Instead, I have to deal with the display slipping outwards from the center. Get it wrong, and you’ll be back in your Notepad library or going back a page instead of moving forward.

Even the most basic apps are present, including a clock, calendar, and email client. The reader supports your digital notepad made on smart paper as well as ePUB, PDF and Office files. If you’re feeling lucky, you can even record voice notes and dictate the notes. There is an eBooks.com app, which will be your primary destination for shopping for books.

eBooks.com door Ok? Amazon, predictably, dominates ebooks, but at least there’s something compatible with an established platform here. Having said that, books purchased through eBooks.com also don’t look good. There are no borders, so the text flows from one edge to the other. Instead of moving to the next page, the main text itself slides across the screen, which is a bit irritating on low-refresh rate e-ink displays. Barring the whole sideloading can of worms, the only way to get your Kindle books here is to load them on the Firefox browser, which requires a data connection.

If you already have a PDF, or ePUB file of a book you can easily transfer the compatible files. There is one app that can make transferring files easier: Google Drive. But it’s not on the homepage, it’s tabbed away. However, you cannot use the drive to transfer your digital notebook. Unfortunately, this requires you to have a special subscription.

That’s where Lenovo’s Smart Paper app comes in. If you’re willing to pay for a subscription, it offers cloud-synced notebook files. However, it is extremely expensive. Here in the UK, the smallest option is £9 per month for three months, with an upload limit of 5GB. It grows from there for longer periods and even more storage. By comparison, Google Drive gives you 200GB of storage for just £2.49 per month. (And it works on everything.)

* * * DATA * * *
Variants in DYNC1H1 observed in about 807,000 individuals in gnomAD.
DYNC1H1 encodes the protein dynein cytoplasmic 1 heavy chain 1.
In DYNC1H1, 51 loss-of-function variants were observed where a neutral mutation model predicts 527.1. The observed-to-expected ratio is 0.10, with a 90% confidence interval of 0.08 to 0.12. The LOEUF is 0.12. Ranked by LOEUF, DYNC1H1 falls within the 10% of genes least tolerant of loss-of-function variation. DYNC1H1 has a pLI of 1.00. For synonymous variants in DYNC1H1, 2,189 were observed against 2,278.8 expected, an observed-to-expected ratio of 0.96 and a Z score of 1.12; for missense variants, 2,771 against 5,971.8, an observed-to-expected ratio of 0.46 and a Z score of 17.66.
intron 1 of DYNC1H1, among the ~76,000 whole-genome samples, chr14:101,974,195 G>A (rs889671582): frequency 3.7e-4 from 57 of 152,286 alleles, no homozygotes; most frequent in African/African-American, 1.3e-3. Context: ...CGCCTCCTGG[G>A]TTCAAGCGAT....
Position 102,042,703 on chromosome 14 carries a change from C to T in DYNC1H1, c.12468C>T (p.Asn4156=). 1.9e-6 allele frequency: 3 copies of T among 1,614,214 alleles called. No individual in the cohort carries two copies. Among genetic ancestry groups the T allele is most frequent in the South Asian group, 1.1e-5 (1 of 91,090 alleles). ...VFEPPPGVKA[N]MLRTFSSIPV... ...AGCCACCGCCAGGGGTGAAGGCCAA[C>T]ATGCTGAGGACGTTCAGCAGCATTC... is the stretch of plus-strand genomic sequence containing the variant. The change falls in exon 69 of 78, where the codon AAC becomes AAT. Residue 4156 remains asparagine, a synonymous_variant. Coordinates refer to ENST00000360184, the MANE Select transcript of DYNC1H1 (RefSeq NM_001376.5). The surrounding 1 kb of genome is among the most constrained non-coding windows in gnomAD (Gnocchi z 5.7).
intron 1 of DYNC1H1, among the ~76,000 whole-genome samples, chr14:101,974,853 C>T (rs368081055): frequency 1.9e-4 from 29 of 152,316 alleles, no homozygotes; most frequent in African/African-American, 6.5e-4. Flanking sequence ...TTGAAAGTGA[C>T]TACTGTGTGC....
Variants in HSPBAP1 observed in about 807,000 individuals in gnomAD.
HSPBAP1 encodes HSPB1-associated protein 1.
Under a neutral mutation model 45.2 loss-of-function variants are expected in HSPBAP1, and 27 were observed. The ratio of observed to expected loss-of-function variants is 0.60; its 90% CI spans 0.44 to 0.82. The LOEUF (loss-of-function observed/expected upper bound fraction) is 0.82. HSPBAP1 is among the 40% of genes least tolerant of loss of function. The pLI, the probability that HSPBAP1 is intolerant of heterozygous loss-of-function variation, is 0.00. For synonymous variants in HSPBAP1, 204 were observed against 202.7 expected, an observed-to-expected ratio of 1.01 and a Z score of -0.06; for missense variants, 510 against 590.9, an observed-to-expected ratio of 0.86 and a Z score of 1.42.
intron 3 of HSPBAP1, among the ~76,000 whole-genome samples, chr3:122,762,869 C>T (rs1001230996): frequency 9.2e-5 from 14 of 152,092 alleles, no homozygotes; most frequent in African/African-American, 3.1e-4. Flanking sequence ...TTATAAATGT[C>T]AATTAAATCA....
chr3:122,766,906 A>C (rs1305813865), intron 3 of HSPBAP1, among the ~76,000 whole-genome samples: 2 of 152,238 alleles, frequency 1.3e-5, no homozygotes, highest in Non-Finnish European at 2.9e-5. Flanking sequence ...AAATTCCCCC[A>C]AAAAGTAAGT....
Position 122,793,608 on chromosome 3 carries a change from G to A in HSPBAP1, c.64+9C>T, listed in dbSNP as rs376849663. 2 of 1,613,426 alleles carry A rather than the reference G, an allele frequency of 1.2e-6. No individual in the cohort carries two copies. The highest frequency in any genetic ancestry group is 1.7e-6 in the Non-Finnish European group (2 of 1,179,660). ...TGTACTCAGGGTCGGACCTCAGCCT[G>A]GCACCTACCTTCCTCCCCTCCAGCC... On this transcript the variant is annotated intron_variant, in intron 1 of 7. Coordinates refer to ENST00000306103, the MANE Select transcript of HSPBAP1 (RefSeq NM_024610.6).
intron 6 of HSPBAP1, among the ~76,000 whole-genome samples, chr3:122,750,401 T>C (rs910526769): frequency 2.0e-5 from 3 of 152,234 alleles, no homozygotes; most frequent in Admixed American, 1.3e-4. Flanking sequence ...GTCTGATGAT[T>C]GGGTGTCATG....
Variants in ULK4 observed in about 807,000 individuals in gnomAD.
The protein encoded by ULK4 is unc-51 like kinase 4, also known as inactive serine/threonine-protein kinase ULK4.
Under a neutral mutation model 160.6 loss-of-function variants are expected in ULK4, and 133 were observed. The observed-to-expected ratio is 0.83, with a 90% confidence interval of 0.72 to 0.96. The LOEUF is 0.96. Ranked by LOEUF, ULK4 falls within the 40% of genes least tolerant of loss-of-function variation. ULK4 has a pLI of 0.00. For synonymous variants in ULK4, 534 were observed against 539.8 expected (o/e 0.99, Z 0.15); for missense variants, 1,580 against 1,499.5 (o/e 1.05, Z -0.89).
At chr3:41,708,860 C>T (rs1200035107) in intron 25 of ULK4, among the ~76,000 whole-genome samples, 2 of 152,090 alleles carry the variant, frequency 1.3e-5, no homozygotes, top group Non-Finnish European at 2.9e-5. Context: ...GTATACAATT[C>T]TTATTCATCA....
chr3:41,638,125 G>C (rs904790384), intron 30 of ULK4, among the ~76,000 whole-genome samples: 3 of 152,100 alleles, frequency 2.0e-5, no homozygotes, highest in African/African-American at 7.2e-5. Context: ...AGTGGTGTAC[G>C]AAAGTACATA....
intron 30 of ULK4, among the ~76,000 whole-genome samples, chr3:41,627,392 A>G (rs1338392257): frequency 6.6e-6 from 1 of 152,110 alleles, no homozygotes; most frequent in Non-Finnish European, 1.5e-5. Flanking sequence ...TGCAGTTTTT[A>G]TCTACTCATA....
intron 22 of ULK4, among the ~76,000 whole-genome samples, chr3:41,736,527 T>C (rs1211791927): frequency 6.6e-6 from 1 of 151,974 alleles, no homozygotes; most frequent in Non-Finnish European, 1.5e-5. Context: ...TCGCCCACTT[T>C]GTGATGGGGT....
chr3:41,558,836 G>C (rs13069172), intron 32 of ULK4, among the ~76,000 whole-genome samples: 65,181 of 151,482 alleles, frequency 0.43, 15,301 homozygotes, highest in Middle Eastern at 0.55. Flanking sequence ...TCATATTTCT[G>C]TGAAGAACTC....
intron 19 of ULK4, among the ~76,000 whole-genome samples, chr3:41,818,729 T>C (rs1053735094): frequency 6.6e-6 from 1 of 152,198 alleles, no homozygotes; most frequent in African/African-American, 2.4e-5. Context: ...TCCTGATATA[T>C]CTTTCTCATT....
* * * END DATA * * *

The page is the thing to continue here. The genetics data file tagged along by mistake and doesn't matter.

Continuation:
lenovo smart paper review
Photo by Matt Smith/Engadget

What’s even more shocking is that to subscribe to the service, you’ll need access to a Windows or Android device and subscribe from those apps. For some reason, Lenovo doesn’t offer subscription purchases on iOS, despite offering the app on the App Store. This is another headache for an incredibly overpriced, low-cost service. Unfortunately, there’s no easy solution, even with those Google Drive shortcuts,

I initially thought Smart Paper’s offline handwriting recognition would be the standout feature, but without easy ways to sync your files (or copy and paste text), it’s a handy skill that’s occasionally useful. Once I turned my chicken scratches into digital text, I was still grateful for a data connection — and either Lenovo’s Cloud Sync or G Drive — to access those digital notes. I have a horrible feeling that, with the handwriting changing page after page, it would be easier for me to type out my written notes, which defeats the purpose of the thing.

wrap up

lenovo smart paper review
Photo by Matt Smith/Engadget

The hardware is expensive, but solid. However, despite those Android roots, it lacks the flexibility of upstarts like Remarkable’s e-ink devices. While the Google Drive integration is useful, your digital scribblings are stuck in Lenovo’s expensive companion cloud service. Just a few more simple (and relevant!) apps could have made for an even more compelling device. If Google Drive is hooked, why not try getting a basic interface for Google Docs? Even though it doesn’t support handwriting recognition, the device doesn’t have a way to easily transfer your text notes to a text editor.

Ignoring the poorly thought-out cloud subscription pricing, Smart Paper also costs around £200 more notable 2, For that amount, the Smart Paper should be the perfect e-ink notepad, but it’s not.

This article was originally published on Engadget